Fire tests on non-loaded steel-timber composite elements and their numerical simulation are achieved. Differences between measured and simulated temperatures in timber can be significant, reaching several hundred kelvins. This observation leads us to examine various instrumentation techniques. Inconsistent temperatures are measured depending on whether the thermocouple is parallel or perpendicular to the heat flow, and whether it passes through the fire or in an environment that remains cold. The local thermal disturbance caused by the presence of thermocouples is simulated by the finite element method. This approach allows us to assert that the differences observed between the measured temperatures are due to the contrast between the thermal properties of the used sensors and those of the surrounding timber. The simulation of the thermal field in a timber sample without thermocouple constitutes a comparative basis. It allows us to make evident that thermocouples inserted parallel to isotherms are the only ones able to perform correct temperature measurements in timber. This observation is confirmed by the comparison of charring rates deduced from measured and simulated temperatures with typical combustion behavior of softwood in standard fire tests (ISO 834 heating curve).

Antoine Béreyziat, Maxime Audebert, Sebastien Durif, Abdelhamid Bouchair
The Role of Insurance in Scaling Mass Timber Construction: Review on Enablers and Shortcomings

Forests play an essential part in nature conservation and restoration, biodiversity, climate change mitigation and especially the transformation to a low-carbon economy. However, practices to manage forest environments and scale the sustainable use of innovative timber products (nature-based solutions (NBS)) in place of grey infrastructure construction materials are proving problematic, mainly due to the real and perceived risks of buildings constructed with mass timber or engineered wood. Insurers can play an enabling role in scaling wood construction practices. Yet currently, insurance - with a few essential exceptions - fails to cover mass timber constructions in a way that make them competitive with traditional grey construction materials. This is mainly attributed to a lack of performance data and perceived fire and water damage risks. We review experience of insurers as they enter the wood and timber sector, focusing on mass timber and standards and guidelines to de-risk the sector. We highlight innovative insurance products and their shortcomings and benefits. We find that while interest in insurance for nature conservation and green infrastructure is increasing, gaps in the role of insurance to enable NBS, like mass timber construction, persist.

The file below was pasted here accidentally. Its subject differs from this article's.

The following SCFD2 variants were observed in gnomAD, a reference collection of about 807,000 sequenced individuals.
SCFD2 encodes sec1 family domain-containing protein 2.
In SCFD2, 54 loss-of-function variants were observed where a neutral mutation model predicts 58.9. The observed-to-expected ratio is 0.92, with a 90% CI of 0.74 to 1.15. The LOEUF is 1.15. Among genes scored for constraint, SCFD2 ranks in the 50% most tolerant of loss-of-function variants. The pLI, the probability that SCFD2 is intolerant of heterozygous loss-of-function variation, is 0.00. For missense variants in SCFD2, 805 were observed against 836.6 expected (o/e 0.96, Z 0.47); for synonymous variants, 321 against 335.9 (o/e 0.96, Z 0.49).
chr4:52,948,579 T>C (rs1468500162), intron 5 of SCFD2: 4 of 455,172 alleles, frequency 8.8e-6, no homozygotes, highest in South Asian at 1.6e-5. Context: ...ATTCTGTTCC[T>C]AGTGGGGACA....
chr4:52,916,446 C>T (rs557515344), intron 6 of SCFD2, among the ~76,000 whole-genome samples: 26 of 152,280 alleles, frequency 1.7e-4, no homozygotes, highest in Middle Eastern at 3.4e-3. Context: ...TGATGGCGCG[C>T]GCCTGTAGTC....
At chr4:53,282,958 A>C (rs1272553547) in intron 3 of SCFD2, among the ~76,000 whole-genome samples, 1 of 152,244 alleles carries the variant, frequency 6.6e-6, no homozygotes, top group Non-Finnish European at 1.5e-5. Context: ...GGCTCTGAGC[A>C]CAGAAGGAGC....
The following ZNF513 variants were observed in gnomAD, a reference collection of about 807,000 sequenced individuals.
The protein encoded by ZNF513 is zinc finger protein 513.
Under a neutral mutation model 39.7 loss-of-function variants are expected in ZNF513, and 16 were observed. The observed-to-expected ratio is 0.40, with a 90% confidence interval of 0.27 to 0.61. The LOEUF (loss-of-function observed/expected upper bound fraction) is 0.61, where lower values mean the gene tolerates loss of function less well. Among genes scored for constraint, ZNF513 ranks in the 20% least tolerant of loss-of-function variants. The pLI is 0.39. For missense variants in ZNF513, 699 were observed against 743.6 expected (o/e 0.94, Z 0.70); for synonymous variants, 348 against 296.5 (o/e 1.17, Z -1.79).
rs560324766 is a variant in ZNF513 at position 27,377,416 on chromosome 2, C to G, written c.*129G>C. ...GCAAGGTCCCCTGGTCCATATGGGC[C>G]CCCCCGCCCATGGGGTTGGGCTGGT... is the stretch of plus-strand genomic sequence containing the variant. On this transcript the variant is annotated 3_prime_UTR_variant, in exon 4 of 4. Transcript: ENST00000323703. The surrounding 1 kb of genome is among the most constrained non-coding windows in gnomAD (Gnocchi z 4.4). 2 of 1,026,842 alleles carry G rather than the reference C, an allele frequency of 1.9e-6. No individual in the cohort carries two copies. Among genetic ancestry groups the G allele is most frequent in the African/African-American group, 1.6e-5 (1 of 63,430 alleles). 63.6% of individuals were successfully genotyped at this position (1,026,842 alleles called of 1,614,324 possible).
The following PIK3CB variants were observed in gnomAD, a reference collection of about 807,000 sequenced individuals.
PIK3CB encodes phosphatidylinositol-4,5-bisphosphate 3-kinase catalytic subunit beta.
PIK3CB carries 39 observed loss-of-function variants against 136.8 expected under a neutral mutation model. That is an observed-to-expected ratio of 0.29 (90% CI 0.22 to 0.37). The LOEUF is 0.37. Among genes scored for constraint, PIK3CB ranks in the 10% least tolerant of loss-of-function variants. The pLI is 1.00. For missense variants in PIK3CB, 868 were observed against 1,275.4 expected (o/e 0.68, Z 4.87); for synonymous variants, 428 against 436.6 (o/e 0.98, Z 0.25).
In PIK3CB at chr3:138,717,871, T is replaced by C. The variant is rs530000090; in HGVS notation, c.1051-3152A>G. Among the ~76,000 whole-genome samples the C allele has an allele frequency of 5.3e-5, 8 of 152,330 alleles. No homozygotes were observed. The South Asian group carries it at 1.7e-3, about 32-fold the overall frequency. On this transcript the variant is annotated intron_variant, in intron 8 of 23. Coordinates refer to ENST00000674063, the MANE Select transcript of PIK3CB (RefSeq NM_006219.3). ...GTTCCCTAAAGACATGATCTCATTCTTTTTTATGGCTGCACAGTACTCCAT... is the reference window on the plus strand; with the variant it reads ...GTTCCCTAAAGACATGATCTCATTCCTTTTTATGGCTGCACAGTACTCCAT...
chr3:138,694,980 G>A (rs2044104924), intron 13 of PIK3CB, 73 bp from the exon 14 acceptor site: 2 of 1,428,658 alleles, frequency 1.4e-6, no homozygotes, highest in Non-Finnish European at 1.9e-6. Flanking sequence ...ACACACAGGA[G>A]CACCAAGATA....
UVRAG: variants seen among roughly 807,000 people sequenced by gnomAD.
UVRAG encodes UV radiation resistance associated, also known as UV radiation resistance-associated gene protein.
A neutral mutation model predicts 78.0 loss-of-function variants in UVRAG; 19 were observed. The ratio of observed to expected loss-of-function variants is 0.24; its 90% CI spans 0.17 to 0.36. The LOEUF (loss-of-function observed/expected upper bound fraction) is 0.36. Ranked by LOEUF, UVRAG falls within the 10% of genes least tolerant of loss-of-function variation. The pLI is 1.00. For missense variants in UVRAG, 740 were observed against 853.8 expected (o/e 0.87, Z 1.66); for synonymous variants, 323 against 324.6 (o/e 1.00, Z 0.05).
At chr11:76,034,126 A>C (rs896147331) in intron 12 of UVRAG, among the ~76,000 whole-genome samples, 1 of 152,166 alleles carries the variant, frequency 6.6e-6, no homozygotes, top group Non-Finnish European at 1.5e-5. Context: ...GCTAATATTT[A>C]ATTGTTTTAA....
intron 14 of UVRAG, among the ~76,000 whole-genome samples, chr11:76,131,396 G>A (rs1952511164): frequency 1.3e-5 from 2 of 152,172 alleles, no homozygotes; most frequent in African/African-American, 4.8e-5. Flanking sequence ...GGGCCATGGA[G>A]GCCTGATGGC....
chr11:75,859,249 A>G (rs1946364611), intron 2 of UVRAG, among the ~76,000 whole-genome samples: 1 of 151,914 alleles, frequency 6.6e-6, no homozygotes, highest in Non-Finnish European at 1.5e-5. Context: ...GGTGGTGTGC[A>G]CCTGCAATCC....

Irshaid Jenan, Linnerooth-Bayer Joanne, Foreman Timothy, Martin Juliette

Fire in Historical Buildings

Wooden Historical Buildings and Determinants of their Fire Protection as a Challenge for Fire Service Officials and Preservationists

Cultural monuments in the Slovak Republic currently represent a group of objects that are difficult to protect against fire, mainly due to the lack of fire protection measures. A special position in this group is not only all-wood buildings, which are dominated by wooden churches and other sacral buildings, but also partial wooden constructions, such as ceilings, roof trusses, or using shingles as roof coverings on ​​buildings built with fireproof building materials. The article captures the current situation of ensuring protection against fires of such historical buildings from the overall overview of the determinants that have an impact on the occurrence of fire, its spread to the wooden building, or to the wooden building elements of neighboring historic buildings. At the same time, it presents the possibilities of protection against fires using fire engineering equipment, reducing the development of fire until fire intervention by fire brigades. The article further points out the limitations of an effective fire attack against a developed fire caused by the current use of the object and/or the nature of the space adjacent to the originally protected object. It also suggests procedures to solve the fire protection problem of historical buildings in the current legislative situation.